06/07/2004 - 22:00

All part of the service

06/07/2004 - 22:00


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Serviced office providers are being under-utilised in the Australian market, according to some in the industry, with much of that due to a misunderstanding of what the service entails.

All part of the service

Serviced office providers are being under-utilised in the Australian market, according to some in the industry, with much of that due to a misunderstanding of what the service entails.

Serviced office providers usually offer tenants small office spaces, complete with communications infrastructure, fit-out, shared support staff and facilities.

Representatives from two providers contacted by WA Business News, Servcorp and Regus, said while most of their clients were large international corporations, there was a misperception that the serviced office market was only utilised by very small, start-up operations.

Both businesses acknowledged the market in Perth was particularly difficult, given current high vacancy rates and the incentives being offered by building owners to attract tenants.

But both Servcorp and Regus maintain the market will pick up.

Generally, serviced office providers lease large spaces, which they divide and furnish, and then sub-let to tenants. Facilities such as boardrooms, kitchen, and support staff are shared.

Servcorp general manager for Australia and the Middle East, Taine Moufarrige, said the company had offices over 50 floors in 33 different locations around the world, and had an annual turnover of $120 million.

“We choose the best buildings in the best cities, and have recently moved in to the top floor of 140 St Georges Terrace in Perth,” Mr Moufarrige said.

Servcorp’s clients can choose to be ‘virtual’ and not occupy any actual office space, but still utilise services, or lease actual space. Mr Moufarrige estimated that 10 per cent of company turnover was from virtual clients.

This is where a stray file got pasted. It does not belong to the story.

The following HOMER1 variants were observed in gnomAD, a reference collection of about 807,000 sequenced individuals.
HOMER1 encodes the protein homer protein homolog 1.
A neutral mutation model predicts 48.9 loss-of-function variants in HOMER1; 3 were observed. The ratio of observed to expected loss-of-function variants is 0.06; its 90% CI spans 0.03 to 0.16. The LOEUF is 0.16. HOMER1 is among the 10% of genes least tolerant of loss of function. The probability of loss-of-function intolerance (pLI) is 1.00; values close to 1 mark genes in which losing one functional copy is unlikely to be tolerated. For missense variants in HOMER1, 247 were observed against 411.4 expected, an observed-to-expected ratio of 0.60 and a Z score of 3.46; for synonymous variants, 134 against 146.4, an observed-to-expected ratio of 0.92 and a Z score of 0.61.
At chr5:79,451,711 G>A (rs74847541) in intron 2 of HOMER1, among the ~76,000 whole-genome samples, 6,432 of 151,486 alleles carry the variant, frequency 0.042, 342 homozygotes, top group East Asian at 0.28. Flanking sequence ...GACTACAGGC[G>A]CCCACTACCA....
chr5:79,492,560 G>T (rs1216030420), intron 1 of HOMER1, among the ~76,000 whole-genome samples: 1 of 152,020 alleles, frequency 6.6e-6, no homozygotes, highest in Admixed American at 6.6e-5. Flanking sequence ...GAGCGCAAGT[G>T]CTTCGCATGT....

Virtual tenants can utilise reception services, use the building address, and hold meetings in the boardroom, while not physically occupying any office space.

“The market for office space is really competitive, particularly over the last two or three years, but serviced offices can be a very efficient way for businesses to operate,” Mr Moufarrige said.

“For a business of between one and 10 people it is cost effective because you save on the costs of lease risk, rental scale, fit-out, support staff and communication infrastructure, but any more than 10 people and businesses are better off in their offices.”

UK-listed Regus has 400 sites throughout the world on long-term leases, something which south Asia general manager Ian Wheeler said made it simple for companies to simply walk in and start working.

“With a downturn in the global market following events like September 11 and SARS, a large number of companies have found themselves in much more space then they need,” Mr Wheeler said.

“As we go into the next cycle, corporates will be considering how they place themselves, and if they place a premium on flexibility, it is an advantage to stay outsourced.

“Right now we are seeing people being added into teams across Asia, which is positive.”

Mr Wheeler’s recommended cut-off point for outsourcing office services was between 10 and 15 people, with a lease of less than two years.

In an example of multi-national utilisation of outsourced office space, Mr Wheeler said, Nokia had signed a global agreement to transfer about 10,000 employees to Regus centers over the next five years.

“In the US, 5 per cent of people go to work in outsourced office space, whereas in Australia it is only 1 to 1.5 per cent, but we believe that number will grow,” he said.

CB Richard Ellis commercial leasing director Andrew Denny said serviced offices could provide answers for businesses with certain needs.

He said there were positives and negatives to the outsourced office market, depending on what an occupier needed.

“Serviced offices do provide flexibility in terms of length of lease, and if a business is small there can be big benefits. But if they are seeking their own profile and reception area, it can be better to lease,” Mr Denny said.


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